So who was Dick Low? Convict or a free settler? Thanks to the only personal reference about him in any newspaper, Latrobe’s North Coast Standard newspaper, dated 7 May 1892, appears to have the answer. An unnamed correspondent writes: ‘The oldest native-born inhabitant of Tasmania is Richard Low, a hale and hearty pioneer of 86, who has been previously living in the Kentish district. His father built old Government House, which once stood in Macquarie St. Hobart, on the site where Sir John Franklin’s Monument now stands. Richard Low…built the old bridge (now demolished) on the high road between Railton and Sheffield which was called after him – Dick Low’s Bridge’. Having confirmed that his father Francis Low was indeed commissioned by Lady Jane Franklin in 1837 to construct a scaled timber model of old Government House, we can only assume that the rest of the information is also accurate. This correspondent specifically states in 1892 that Richard Low’s original bridge was “now demolished.” Replaced, obviously, in 1877 by Robert Milburn’s bridge, which itself was replaced twenty years later in 1897 by the fine, historic, arched bluestone culvert that still exists today.
It seems after the government’s initial refusal in 1863 to build a bridge across this dangerous ravine, constant letters of complaints from early settlers led them later to send Richard Low to bridge this dangerous creek crossing. Without sandstone available on the Northwest, all coastal bridges were constructed from long logs supported on wooden buttresses. The approximate lifespan of such timber bridges was about 20 years. Probably around 1870 Dick Low settled beside an unnamed creek which was soon named after him. Just how much local stone he was able to use is hard to guess. His timber spans probably came from Sam Winter’s first sawmill, erected at Redwater Creek about 1868 to cut sleepers for the first railway line. After a decade of dangerous crossings, Kentish settlers were so appreciative of this new structure across the creek that they quickly dubbed it Dick Low’s Bridge. About the same time, a branch road was opened to access all the new settlers around this district. The junction from where this new road began was Dick Low’s Bridge. So, it soon became a place name as well.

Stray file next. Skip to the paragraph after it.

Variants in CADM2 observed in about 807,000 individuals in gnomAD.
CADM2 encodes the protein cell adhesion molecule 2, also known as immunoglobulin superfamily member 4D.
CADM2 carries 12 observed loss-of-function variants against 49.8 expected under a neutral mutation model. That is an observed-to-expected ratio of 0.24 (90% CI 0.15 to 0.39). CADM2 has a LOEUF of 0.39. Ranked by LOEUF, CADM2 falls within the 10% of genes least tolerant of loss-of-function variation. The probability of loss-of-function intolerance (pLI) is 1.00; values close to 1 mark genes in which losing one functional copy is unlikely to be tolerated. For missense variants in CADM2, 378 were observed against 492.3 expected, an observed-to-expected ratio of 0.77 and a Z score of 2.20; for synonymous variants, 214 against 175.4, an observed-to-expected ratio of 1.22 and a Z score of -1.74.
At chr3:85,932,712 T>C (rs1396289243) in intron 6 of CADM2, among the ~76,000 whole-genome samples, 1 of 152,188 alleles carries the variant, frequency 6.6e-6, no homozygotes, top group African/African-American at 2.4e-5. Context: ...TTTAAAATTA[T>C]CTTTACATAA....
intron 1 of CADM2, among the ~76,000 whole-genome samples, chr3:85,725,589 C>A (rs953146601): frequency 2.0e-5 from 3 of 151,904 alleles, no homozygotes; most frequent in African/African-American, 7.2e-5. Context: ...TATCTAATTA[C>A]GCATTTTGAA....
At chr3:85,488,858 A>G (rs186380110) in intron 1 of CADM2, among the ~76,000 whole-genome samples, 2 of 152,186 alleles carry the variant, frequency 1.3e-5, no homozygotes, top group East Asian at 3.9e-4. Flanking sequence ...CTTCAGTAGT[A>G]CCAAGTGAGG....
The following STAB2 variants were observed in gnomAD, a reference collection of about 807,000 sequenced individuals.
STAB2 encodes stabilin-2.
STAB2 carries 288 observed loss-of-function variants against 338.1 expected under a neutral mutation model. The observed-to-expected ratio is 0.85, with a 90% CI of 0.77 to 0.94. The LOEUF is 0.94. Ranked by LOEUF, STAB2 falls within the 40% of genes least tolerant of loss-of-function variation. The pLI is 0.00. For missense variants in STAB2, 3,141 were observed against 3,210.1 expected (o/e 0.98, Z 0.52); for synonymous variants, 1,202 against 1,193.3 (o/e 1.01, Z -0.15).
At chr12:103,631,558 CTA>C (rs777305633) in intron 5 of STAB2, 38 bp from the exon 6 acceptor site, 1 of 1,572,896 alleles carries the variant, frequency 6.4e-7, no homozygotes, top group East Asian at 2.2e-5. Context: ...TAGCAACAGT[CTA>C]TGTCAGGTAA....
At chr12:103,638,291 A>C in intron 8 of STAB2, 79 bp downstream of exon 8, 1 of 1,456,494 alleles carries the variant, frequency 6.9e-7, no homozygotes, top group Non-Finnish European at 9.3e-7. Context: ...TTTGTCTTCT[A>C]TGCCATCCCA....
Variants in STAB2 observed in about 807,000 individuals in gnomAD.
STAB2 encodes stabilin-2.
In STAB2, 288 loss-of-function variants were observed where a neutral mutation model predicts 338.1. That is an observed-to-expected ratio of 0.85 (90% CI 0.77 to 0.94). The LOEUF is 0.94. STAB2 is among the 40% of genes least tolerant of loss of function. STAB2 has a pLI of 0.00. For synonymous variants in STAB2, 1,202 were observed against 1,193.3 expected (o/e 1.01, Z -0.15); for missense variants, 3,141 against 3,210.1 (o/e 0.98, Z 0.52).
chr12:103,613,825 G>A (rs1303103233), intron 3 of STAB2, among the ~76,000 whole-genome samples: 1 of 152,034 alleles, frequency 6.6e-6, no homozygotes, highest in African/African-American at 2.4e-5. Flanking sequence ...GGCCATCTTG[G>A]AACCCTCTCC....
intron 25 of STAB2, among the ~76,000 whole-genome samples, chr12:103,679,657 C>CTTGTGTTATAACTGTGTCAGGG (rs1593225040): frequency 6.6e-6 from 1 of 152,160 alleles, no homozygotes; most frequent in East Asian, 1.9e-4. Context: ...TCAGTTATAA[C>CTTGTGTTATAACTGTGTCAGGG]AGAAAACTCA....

1897 The present bluestone bridge
In the late 1880s it was reported that ‘there was a hole through the narrow floor of ‘Dick Low’s Bridge’ (Milburn’s replacement bridge) and that it was ‘in a most deplorable condition’. The Railton Road Trust urged the government to give Lowe’s bridge immediate attention because of its ‘decayed’ condition and likelihood to collapse. Maybe they patched it up, for it wasn’t until a decade later that money was allocated to build a new bridge in the government’s 1896/97 budget. The Railton Road Trust, again, wrote urging for an immediate start to be finished before the next carting season. Nothing happened. In October 1896, one of the many accidents occurred on Dick Lowe’s bridge. A bolting horse in a chaise cart collided with George Rockliff’s bullock team, badly injuring one animal. The accident had other legal ramifications, because the cart driver was using binding-twine as a substitute for leather reins.
After further letters, the desperate chairman Sam F Oliver finally put a public notice in the newspaper dated 11 December 1896, stating ‘the Railton Road Trust will not be responsible for any accident occurring on Low’s Bridge, owing to its unsafe condition.’ Finally, this achieved a response. On 15 February 1897 a contract was let to Walter Butler, road contractor of Sheffield, ‘to build a bridge and improve its approaches’ for £210. Farmers were very annoyed with the government for delaying bridge-building until the carting season was underway, with 50-60 bullock teams regularly on the road every day, whereas for the previous 3 months there had scarcely been any traffic.